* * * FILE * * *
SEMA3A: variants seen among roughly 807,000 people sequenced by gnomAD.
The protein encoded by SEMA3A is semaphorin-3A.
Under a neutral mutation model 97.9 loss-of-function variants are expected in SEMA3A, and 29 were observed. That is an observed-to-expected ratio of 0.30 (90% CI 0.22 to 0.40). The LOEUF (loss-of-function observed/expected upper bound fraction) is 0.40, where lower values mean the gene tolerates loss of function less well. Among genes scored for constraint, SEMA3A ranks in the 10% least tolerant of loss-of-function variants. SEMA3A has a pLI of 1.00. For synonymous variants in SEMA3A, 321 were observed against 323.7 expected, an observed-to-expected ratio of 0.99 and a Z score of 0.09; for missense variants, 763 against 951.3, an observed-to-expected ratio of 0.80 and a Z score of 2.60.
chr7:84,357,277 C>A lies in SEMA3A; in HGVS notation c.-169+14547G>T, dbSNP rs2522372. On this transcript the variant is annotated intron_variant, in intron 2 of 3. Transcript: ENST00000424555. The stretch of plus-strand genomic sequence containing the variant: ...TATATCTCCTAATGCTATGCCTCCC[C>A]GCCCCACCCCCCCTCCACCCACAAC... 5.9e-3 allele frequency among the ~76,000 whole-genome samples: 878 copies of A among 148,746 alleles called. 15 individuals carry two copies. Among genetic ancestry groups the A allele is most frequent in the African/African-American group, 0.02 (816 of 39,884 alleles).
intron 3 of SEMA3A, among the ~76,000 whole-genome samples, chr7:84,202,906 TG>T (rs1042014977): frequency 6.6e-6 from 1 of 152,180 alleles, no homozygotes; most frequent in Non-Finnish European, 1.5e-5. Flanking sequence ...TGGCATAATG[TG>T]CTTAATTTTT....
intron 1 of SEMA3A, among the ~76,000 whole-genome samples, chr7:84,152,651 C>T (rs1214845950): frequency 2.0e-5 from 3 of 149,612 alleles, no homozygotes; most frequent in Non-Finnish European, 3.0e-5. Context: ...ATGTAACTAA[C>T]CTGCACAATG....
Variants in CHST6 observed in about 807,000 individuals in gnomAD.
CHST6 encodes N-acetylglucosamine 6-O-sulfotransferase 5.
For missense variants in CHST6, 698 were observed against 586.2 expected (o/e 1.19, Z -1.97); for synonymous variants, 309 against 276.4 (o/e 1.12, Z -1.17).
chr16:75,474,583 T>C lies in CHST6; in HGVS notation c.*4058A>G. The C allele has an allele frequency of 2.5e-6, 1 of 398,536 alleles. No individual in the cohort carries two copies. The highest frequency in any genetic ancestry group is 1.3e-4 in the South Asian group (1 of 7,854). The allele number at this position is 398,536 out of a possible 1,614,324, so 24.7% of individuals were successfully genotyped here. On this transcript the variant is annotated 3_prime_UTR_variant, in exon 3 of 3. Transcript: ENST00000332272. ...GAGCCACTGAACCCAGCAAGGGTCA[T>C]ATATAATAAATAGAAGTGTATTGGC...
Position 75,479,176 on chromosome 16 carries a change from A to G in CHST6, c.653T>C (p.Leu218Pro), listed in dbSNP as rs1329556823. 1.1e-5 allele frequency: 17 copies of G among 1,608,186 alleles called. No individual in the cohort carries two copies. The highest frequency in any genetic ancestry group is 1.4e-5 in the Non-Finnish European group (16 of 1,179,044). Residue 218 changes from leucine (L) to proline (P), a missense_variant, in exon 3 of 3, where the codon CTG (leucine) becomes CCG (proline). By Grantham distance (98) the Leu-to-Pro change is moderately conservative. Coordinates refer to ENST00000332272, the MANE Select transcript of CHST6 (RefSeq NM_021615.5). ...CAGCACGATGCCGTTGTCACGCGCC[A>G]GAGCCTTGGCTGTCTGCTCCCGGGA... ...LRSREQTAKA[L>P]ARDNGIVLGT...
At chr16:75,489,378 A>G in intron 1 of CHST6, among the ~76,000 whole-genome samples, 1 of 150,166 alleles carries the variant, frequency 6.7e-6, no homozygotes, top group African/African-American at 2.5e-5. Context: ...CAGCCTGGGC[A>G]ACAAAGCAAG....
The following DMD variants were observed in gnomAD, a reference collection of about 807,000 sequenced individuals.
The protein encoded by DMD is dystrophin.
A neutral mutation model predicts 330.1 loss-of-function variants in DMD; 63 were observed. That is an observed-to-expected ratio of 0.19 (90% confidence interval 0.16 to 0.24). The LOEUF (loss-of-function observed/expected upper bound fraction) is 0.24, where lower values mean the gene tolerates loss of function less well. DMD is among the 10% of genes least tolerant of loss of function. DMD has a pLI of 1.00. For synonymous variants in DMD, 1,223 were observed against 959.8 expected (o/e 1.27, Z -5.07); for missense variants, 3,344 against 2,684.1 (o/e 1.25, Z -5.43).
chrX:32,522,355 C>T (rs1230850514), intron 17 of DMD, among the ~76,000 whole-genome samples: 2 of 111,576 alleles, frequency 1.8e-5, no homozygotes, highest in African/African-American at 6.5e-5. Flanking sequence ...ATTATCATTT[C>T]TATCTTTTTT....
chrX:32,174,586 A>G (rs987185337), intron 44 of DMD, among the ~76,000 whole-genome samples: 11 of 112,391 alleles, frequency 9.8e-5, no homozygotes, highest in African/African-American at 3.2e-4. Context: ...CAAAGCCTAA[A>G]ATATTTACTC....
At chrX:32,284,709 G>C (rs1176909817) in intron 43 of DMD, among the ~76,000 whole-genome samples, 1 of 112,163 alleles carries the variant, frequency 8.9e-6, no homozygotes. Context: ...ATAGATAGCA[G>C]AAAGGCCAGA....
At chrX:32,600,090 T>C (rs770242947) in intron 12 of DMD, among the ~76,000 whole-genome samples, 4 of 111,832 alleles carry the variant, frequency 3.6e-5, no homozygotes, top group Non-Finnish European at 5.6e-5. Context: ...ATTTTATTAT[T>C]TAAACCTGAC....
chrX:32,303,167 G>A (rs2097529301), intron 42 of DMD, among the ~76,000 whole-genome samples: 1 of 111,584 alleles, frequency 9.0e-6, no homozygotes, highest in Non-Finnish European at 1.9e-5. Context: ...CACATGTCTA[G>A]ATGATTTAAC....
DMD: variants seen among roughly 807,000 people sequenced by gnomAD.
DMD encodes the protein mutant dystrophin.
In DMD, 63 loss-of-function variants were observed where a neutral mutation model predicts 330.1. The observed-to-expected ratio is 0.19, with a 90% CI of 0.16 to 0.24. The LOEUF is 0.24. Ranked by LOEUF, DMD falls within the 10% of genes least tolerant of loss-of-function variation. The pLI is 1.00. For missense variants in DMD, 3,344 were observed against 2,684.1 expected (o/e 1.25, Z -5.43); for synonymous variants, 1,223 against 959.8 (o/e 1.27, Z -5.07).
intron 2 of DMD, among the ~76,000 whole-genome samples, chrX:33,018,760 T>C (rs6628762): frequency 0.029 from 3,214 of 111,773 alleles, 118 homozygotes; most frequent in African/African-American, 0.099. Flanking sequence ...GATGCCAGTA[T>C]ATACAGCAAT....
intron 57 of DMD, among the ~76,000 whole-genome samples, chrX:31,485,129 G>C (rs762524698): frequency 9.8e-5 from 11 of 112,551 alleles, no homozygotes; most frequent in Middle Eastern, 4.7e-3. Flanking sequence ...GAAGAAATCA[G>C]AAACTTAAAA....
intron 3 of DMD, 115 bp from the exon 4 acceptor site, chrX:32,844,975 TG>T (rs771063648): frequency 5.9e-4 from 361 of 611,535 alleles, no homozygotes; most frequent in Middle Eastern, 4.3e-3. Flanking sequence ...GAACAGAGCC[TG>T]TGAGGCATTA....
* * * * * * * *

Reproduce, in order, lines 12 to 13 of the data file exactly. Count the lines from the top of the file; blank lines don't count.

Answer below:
At chr16:75,489,378 A>G in intron 1 of CHST6, among the ~76,000 whole-genome samples, 1 of 150,166 alleles carries the variant, frequency 6.7e-6, no homozygotes, top group African/African-American at 2.5e-5. Context: ...CAGCCTGGGC[A>G]ACAAAGCAAG....
The following DMD variants were observed in gnomAD, a reference collection of about 807,000 sequenced individuals.